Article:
Teachers union disputes DOH’s reopening metrics

  • Hawaii State Teachers Association President Corey Rosenlee speaks in 2018 at West Hawaii Civic Center. (Laura Ruminski/West Hawaii Today file photo)

The Hawaii State Teachers Association is urging all schools statewide to only allow distance learning through the second quarter after claiming that the state’s metrics for reopening schools are far less strict than those recommended by federal health authorities.

During a news conference Wednesday, HSTA President Corey Rosenlee said the Department of Health’s school reopening metrics do not match those recommended by the U.S. Centers for Disease Control and Prevention and, in fact, allow many more COVID-19 cases community-wide than the CDC advises before requiring schools to close.


According to the DOH’s metrics, which were revealed Sept. 17, 36 or more cases per 10,000 people within a 14-day period is sufficient to require elementary and secondary schools to learn from home. However, Rosenlee said, the CDC places that threshold at 20 or more cases per 10,000.

Rosenlee pointed out that all levels of the state’s metrics are far more lenient than the CDC’s. For example, the DOH considers five cases per 10,000 within two weeks to be a tolerable level to allow in-person learning at both the elementary and secondary levels.

However, the CDC considers five cases per 10,000 to be the threshold at which elementary schools switch to blended learning, while secondary schools learn from home.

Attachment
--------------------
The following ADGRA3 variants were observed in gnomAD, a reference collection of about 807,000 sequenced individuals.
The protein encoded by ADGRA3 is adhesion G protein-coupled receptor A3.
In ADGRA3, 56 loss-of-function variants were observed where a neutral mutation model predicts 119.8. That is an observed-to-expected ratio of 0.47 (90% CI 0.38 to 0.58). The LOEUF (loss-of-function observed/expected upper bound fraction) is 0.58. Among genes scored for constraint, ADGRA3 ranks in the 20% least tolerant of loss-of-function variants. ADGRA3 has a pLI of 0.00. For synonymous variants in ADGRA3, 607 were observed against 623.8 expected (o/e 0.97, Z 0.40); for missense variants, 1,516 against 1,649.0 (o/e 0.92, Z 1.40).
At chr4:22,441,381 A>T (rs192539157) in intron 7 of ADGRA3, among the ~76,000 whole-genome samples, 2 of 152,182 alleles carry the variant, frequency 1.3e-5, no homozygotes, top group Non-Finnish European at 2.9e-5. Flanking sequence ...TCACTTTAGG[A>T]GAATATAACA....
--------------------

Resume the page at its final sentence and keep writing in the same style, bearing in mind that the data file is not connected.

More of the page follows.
Rosenlee said the HSTA is demanding an explanation from the state Board of Education that justifies the discrepancy between the two systems, and strongly advised schools to remain learning from home throughout the second quarter.

Phyllis Unebasami, deputy superintendent at the DOE, wrote in a statement that the department is continuing to review the DOH and CDC guidelines, and has not implemented the DOH metrics into the DOE’s reopening policies.

“Under the department’s tri-level leadership structure, complex area and school leaders are empowered to make decisions in the best interest of the students and communities they serve,” Unebasami wrote. “This allows each school to review their individualized needs and plan accordingly.”

“School and complex area leaders continue to work with their school communities to gradually implement reopening plans that align with vetted state and national health guidance,” Unebasami went on.


Unebasami also noted that, despite requests by Rosenlee, a DOH representative will not be available to discuss the matter at a Board of Education meeting scheduled for today.

Email Michael Brestovansky at mbrestovansky@hawaiitribune-herald.com.

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